Iraq's ruling Shia-led coalition has confirmed that it will contest the upcoming parliamentary election as a single bloc.
The Shia-led United Iraqi Alliance has a parliamentary majority
This comes a day before the close of registration for the election in December that will end Iraq's period of transitional government.
The United Iraqi Alliance (UIA) won 140 seats in the 275-member National Assembly in January's election.
It formed a coalition government with the Kurdistan Alliance in April.
Former interim Prime Minister Iyad Allawi is also putting together an alliance, which he's said will cross sectarian and ethnic divides. It is expected to be unveiled on Saturday.
Abbas al-Bayyati, a member of the UIA, told Qatar's al-Jazeera TV station that talks to resolve issues threatening the alliance lasted late into last night.
The successful negotiations mean the coalition can submit a single list ahead of Friday's deadline for the registration of candidates wishing to stand in the 15 December legislative elections.
Ayatollah Sistani is a leading player in post-Saddam Iraq
The Iraqi National Assembly and government that will result from the election will serve for four years.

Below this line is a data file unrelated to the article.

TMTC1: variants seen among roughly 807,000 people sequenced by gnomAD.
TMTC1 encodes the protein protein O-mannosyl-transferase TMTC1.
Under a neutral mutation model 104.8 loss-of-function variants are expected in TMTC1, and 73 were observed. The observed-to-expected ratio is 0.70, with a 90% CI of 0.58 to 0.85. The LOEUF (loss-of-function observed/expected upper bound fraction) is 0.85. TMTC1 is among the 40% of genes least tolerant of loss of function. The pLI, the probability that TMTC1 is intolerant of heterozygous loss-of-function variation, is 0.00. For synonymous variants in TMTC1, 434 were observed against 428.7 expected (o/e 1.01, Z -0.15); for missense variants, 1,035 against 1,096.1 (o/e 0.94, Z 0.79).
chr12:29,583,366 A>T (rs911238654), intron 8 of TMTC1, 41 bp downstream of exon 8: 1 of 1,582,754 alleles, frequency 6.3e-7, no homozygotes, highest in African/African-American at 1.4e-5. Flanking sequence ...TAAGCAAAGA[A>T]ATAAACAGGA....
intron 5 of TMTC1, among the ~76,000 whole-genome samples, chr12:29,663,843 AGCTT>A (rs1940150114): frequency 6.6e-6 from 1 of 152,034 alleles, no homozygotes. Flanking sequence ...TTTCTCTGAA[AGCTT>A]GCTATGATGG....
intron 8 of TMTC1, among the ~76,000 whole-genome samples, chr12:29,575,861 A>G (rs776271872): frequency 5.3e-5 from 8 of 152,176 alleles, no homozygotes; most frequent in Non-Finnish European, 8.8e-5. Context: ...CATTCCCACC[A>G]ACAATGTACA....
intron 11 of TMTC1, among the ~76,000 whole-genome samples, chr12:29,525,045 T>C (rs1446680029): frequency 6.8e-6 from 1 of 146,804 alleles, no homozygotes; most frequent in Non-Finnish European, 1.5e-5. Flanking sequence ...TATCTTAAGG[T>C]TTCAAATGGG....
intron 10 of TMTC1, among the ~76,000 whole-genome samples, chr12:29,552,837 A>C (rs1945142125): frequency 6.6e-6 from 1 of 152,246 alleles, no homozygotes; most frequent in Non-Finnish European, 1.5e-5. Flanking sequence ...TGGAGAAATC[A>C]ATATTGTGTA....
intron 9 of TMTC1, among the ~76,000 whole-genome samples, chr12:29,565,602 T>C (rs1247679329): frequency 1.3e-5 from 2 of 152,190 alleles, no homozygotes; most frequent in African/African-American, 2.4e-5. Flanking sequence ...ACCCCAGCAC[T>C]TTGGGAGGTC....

Mr Bayyati said UIA members had also agreed to let the movement of radical Shia cleric Moqtada al-Sadr play a greater role.
Although Mr Sadr has three supporters in the present government, he has yet to fully join Iraq's political process.
The UIA is a broad-based coalition of over 20 groups, dominated by Shias, but also including Sunnis, Christians, Turkomans and Kurds.
The main parties in the alliance are the Shia Islamic Daawa party and the Supreme Council for the Islamic Revolution in Iraq.
But despite the presence of Iraq's two major Shia groups, there appears to be a doubt as to whether Grand Ayatollah Ali Sistani will endorse the alliance for December's poll.
People close to the ayatollah are now saying he will withhold that support this time around.
The country's most revered Shia cleric, Ayatollah Sistani gave his quiet support to the UIA during the January election, helping to make the party the first choice of Iraq's Shia majority.
Ali al-Adib, a senior official in Prime Minister Ibrahim Jaafari's Daawa party, admitted to the Associated Press that Ayatollah Sistani had not "yet" given his support.
The BBC's Middle East analyst, Roger Hardy, says it could make December's election a more open race.
Meanwhile, the two main Kurdish parties in the Kurdistan Alliance, the UIA's partner in government, have also agreed to run on a joint ticket.
Iraqi President Jalal Talabani's Patriotic Union of Kurdistan and Kurdish regional President Massoud Barzani's Kurdistan Democratic Party will continue to form the backbone of the alliance.
"The Kurds will take part in the next elections putting forward the same joint list as in January which allowed them to win 76 seats," said Adnan al-Mufti, a senior PUK member.
However, the Kurdish Islamic Union led by Sheikh Salah al-Din Muhammad Baha al-Din announced it has pulled out of the alliance for the forthcoming poll and that it would enter on a separate list.
Yesterday, three Iraqi Sunni parties announced they had formed of an alliance to contest the election.
The Iraqi Peoples Gathering, the Iraqi Islamic Party and the Iraqi National Dialogue agreed to run on one list as the Iraqi Accord Front.